In some ways social media platforms like Instagram have become even more visually appealing than websites are. Between posts, videos, images, stories and reels, I can see a full narrative story about a business. A website tends to be more one-way communication, and that doesn’t provide a customer with a lot of incentive to keep coming back to have a look around, whereas a constant flow of new content is the name of the game with social media. That provides a lot of different opportunities to expand on that narrative to humanize the brand by showing us things behind the scenes or illustrating what your business’s culture is all about.
I also think that there’s now more opportunity for a small business to have an effective social media ad campaign than ever before. Targeting customers based on things like interests, geography and demographics is very difficult to do with traditional advertising, but that can be done in a really effective and economical way on these social media platforms. We have seen really good results for small businesses that have sponsored ad budgets of $200 to $500 a month.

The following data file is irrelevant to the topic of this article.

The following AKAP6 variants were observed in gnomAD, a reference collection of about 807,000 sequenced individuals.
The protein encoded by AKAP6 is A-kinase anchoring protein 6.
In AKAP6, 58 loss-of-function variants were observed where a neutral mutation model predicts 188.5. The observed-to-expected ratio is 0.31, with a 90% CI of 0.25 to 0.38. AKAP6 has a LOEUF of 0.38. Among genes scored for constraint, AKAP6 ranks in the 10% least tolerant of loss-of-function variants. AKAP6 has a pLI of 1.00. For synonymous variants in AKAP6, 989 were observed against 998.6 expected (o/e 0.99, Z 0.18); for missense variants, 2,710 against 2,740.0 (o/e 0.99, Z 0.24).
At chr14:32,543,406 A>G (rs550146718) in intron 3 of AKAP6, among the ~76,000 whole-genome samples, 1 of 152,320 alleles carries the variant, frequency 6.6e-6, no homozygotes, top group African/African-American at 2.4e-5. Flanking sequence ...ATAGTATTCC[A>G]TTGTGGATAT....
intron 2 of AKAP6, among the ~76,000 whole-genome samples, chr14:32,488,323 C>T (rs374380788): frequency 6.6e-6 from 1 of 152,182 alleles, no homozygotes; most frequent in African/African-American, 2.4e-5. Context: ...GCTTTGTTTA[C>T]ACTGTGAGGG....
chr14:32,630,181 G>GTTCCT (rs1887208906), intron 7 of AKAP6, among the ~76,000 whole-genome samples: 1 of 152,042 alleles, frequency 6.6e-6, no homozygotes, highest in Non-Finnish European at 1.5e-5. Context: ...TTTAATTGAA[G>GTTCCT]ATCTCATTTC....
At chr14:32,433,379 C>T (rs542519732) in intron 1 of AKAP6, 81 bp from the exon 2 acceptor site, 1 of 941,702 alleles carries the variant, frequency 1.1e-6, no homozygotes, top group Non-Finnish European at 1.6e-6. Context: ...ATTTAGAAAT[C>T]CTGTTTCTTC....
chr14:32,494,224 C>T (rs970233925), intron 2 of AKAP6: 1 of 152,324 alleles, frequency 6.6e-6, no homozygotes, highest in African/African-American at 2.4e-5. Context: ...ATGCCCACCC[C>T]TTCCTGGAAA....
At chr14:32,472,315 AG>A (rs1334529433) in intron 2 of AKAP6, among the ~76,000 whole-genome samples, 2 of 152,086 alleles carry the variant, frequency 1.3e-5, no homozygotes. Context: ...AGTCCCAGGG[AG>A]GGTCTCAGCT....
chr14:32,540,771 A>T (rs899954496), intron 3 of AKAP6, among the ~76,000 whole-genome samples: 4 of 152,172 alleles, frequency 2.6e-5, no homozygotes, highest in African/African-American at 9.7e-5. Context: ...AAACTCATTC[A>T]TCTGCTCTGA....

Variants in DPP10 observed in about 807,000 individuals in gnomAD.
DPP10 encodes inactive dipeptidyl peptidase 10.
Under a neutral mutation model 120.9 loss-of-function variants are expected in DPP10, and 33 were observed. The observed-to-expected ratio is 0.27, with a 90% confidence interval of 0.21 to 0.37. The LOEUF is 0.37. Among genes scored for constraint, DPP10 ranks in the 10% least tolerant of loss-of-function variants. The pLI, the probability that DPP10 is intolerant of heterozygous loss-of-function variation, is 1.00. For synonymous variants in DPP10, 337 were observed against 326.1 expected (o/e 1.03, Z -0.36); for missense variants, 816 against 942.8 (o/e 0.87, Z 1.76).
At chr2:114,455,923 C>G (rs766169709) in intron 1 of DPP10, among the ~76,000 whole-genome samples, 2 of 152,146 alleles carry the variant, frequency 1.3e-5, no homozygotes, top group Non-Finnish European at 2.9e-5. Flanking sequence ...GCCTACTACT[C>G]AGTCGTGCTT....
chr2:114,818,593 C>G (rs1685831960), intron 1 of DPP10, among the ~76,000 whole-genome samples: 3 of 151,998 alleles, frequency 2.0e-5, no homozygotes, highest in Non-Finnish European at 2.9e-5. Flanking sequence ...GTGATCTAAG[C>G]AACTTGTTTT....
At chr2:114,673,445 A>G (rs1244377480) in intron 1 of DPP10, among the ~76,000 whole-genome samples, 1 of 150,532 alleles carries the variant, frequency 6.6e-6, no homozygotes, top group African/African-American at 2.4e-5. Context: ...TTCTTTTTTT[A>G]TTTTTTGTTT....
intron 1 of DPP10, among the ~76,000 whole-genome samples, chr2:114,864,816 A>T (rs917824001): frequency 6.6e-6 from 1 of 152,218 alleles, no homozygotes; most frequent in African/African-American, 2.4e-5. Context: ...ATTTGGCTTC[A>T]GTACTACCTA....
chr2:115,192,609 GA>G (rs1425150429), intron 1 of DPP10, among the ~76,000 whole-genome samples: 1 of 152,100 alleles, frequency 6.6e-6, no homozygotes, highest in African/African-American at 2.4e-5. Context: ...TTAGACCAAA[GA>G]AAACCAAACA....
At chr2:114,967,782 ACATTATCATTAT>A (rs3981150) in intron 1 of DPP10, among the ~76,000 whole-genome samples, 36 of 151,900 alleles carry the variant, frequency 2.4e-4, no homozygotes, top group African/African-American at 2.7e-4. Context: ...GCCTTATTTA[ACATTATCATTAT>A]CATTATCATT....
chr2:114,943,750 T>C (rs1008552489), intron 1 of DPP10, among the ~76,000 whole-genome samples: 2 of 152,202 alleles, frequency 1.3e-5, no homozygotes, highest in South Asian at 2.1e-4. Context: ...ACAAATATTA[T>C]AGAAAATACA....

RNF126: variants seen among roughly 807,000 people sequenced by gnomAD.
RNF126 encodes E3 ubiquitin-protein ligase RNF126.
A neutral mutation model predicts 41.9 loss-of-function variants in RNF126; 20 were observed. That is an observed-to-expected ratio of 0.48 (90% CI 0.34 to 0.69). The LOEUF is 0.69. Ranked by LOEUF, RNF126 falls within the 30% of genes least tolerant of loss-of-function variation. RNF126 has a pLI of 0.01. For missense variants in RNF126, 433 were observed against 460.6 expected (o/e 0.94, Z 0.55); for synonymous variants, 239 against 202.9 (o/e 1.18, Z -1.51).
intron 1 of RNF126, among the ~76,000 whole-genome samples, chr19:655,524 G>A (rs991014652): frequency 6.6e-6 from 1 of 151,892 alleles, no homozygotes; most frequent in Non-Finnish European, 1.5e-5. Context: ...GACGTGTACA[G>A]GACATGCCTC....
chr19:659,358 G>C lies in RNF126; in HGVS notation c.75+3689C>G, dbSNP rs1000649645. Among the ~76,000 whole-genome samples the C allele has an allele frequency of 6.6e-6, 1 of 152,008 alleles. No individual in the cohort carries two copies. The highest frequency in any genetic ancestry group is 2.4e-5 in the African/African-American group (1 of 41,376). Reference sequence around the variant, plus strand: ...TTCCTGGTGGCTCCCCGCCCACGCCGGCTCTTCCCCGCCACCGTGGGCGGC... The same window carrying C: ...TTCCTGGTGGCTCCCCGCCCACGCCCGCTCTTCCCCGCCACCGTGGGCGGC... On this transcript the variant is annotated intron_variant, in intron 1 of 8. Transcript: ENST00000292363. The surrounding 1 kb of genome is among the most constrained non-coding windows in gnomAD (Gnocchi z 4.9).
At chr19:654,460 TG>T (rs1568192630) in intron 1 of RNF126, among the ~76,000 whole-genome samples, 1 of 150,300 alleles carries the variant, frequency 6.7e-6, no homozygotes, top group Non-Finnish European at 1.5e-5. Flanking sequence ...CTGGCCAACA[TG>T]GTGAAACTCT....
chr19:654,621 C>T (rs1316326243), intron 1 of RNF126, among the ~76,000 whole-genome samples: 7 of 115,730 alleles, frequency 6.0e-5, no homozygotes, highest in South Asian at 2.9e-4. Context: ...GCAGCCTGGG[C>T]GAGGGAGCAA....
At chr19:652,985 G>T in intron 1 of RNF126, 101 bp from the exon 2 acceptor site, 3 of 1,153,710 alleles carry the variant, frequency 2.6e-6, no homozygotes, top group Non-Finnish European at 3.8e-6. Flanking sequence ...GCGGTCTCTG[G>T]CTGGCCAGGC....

It’s something I highly encourage companies to start doing if they’re not already using sponsored ads. It’s very hard to use Facebook, Instagram, and other social media platforms as marketing tools without an ad budget. Organically building an audience is a lot tougher today than it used to be.
I’m also a big believer in prioritizing specific platforms rather than trying to maintain a bunch of different profiles. For this industry, I definitely think Facebook and Instagram are the best bets. Instagram is dominated by 25- to 35-year-olds, and Facebook caters to the 35-and-above crowd. Platforms like TikTok might also make sense for this industry, but I would be very careful about going into that arena without a clear strategy. It’s a very young demographic, and you need to have someone who understands the etiquette doing the marketing if you want it to be effective.